After the recovery from this reprehensible attack, Malala emerged stronger and more resilient than ever. On July 12, 2013, on her sixteenth birthday, she delivered a speech to the UN that was viewed by millions of people worldwide. On the event that was dubbed as Malala Day, she was draped with the shawl of the late Benazir Buhto, the Pakistani politician who was also assassinated by another radical group. Malala captivated hearts with her speech and received multiple standing ovations as she delivered her powerful statement that incited peace, forgiveness, courage and strength. Her speech to the UN was not just a blow to the terrorists who wanted to silence her, but also a reminder of which side the world is standing. The battle between darkness and light is long and fierce. Even though the weapons of the darkness are more deadly, but as Malala said in her speech, “Pens are mightier than guns.”
The aspiring young woman is setting an example of hope and determination. She is a role model of defiance for all the girls who are battling to go to school under inhumane conditions, and bullets. Malala believes that education is the only hope for a better future and she is determined to fight for every child’s right for education.“So let us wage a glorious struggle against illiteracy, poverty and terrorism, let us pick up our books and our pens, they are the most powerful weapons. One child, one teacher, one book and one pen can change the world. Education is the only solution. Education first,” Malala said.
To view Malala’s Speech at the UN, click here.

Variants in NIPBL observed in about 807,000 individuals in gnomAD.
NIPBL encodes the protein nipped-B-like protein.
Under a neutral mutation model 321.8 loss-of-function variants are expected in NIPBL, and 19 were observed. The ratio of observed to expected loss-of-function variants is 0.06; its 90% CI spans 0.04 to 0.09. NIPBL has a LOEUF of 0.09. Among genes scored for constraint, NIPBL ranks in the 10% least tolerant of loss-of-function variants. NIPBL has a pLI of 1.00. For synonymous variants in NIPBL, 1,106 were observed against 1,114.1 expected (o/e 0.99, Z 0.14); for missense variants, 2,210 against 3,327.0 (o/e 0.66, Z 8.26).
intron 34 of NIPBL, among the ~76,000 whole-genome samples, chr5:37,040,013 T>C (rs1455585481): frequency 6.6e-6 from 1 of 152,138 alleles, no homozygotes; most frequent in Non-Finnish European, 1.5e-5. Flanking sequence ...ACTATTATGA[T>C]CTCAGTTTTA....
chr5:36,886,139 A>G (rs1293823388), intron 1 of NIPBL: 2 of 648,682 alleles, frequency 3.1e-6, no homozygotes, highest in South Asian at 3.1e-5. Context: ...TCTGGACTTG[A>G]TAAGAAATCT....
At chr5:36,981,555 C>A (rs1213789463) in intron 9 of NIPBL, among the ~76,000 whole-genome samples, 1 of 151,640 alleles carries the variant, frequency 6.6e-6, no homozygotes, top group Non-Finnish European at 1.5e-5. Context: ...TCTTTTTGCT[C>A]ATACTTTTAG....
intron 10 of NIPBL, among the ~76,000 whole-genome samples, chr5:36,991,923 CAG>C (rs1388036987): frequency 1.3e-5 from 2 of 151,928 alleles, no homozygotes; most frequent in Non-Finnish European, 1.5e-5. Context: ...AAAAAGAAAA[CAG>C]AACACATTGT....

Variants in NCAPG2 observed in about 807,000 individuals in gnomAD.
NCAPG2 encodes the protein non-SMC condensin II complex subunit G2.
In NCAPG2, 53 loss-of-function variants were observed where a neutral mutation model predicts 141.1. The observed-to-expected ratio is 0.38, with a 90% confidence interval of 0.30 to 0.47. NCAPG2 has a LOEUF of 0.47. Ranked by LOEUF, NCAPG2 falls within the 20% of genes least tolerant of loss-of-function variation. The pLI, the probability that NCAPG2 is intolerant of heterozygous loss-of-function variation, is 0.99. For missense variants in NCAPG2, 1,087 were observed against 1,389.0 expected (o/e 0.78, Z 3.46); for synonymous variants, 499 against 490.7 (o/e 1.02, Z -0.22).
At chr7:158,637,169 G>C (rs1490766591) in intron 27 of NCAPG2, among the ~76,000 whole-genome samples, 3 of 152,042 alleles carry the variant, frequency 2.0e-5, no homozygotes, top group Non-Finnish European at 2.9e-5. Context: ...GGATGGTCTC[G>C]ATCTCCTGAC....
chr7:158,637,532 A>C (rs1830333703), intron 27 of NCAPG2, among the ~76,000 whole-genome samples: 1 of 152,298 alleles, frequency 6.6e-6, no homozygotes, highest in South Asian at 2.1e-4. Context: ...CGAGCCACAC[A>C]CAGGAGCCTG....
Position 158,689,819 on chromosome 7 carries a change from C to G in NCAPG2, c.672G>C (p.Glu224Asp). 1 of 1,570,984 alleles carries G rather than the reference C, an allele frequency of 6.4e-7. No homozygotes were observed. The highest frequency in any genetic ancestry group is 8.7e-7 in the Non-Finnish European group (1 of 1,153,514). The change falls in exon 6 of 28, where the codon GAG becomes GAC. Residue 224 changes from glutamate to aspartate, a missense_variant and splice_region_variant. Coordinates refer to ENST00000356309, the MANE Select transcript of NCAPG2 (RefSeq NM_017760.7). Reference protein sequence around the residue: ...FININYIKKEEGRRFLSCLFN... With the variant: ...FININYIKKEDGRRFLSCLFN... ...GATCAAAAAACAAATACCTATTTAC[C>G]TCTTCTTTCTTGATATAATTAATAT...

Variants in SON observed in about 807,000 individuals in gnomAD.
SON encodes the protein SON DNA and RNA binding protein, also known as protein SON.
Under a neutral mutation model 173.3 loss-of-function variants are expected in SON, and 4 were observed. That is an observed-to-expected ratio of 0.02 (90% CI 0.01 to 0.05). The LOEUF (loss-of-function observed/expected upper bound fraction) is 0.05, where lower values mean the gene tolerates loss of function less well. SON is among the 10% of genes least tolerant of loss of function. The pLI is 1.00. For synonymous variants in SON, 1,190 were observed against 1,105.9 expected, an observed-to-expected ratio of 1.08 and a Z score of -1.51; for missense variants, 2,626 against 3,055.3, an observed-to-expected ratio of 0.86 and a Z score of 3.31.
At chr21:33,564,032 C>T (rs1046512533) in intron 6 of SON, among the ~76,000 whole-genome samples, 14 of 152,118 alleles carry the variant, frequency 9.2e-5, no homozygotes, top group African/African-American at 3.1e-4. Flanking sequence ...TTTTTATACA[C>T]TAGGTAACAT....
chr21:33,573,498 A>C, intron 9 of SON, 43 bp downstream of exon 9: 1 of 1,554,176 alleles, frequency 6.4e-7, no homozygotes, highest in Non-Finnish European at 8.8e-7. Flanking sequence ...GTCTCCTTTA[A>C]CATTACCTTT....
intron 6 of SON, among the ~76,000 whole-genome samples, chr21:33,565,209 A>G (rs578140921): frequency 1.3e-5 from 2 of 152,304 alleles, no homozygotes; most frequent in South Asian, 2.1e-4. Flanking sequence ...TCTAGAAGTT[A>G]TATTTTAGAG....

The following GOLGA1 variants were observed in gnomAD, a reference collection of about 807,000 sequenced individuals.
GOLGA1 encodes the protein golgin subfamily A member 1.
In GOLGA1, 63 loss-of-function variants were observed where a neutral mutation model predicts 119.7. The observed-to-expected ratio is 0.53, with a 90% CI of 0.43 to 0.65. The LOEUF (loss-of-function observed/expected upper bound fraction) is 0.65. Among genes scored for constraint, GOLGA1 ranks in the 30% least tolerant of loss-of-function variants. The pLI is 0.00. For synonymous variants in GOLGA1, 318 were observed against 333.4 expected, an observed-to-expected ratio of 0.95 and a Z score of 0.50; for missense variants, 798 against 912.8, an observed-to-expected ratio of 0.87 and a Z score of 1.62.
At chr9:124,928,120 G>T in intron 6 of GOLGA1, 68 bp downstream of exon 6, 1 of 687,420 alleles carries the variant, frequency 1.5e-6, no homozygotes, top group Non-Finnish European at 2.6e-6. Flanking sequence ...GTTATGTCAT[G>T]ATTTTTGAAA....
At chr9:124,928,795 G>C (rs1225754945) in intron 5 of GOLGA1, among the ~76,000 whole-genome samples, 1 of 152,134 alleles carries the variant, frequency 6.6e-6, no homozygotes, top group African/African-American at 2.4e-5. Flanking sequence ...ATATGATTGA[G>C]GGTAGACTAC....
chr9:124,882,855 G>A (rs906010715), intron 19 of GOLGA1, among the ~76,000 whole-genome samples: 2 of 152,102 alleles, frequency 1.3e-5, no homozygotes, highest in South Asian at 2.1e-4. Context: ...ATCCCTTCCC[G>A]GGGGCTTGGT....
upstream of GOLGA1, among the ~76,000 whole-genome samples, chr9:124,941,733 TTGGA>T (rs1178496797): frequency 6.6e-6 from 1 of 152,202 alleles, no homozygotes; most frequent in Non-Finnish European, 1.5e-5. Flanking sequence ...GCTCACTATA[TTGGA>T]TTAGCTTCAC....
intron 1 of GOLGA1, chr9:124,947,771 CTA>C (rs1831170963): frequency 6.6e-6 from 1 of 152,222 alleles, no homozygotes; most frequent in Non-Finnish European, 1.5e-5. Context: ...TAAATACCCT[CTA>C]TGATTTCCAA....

Reprinted with permission from “Silenced Voices, Wasted Lives.”
Born and raised in Egypt, Alexandra Kinias graduated as a Mechanical Engineer in 1987. She pursued a career overseas with a multinational corporation that built power distribution plants on the Caribbean Island of Antigua and Barbuda. She moved to America in 1995 and worked for a company that did business in the Middle East and Europe. In American, Alexandra began her career as a writer. She studied screenplay and creative writing. A screenplay writer, novelist and a photographer. Her passion for movies, books, art and extensive world traveling is translated in her writing and photography. She co-wrote the story of the movie Cairo Exit, censored in Egypt, yet received international recognition and won best non-European film in the European Independent Film festival.
She is an advocate for women’s rights. Her blog Silenced Voices, Wasted lives is dedicated to women’s issues in general and women in the Middle East in particular. Her published fiction novel Black Tulips takes place between Egypt and the USA. Black Tulips reveals the hardships that women living in male dominant societies are exposed to. Her articles are published in Kalimat magazine, a North American publication about the Arab region. Alexandra lives with her husband in Scottsdale, AZ and she is working on her non-fiction book Silenced Voices, a collage of her articles about women’s issues. Learn more about Alexandra Kinias and her work here.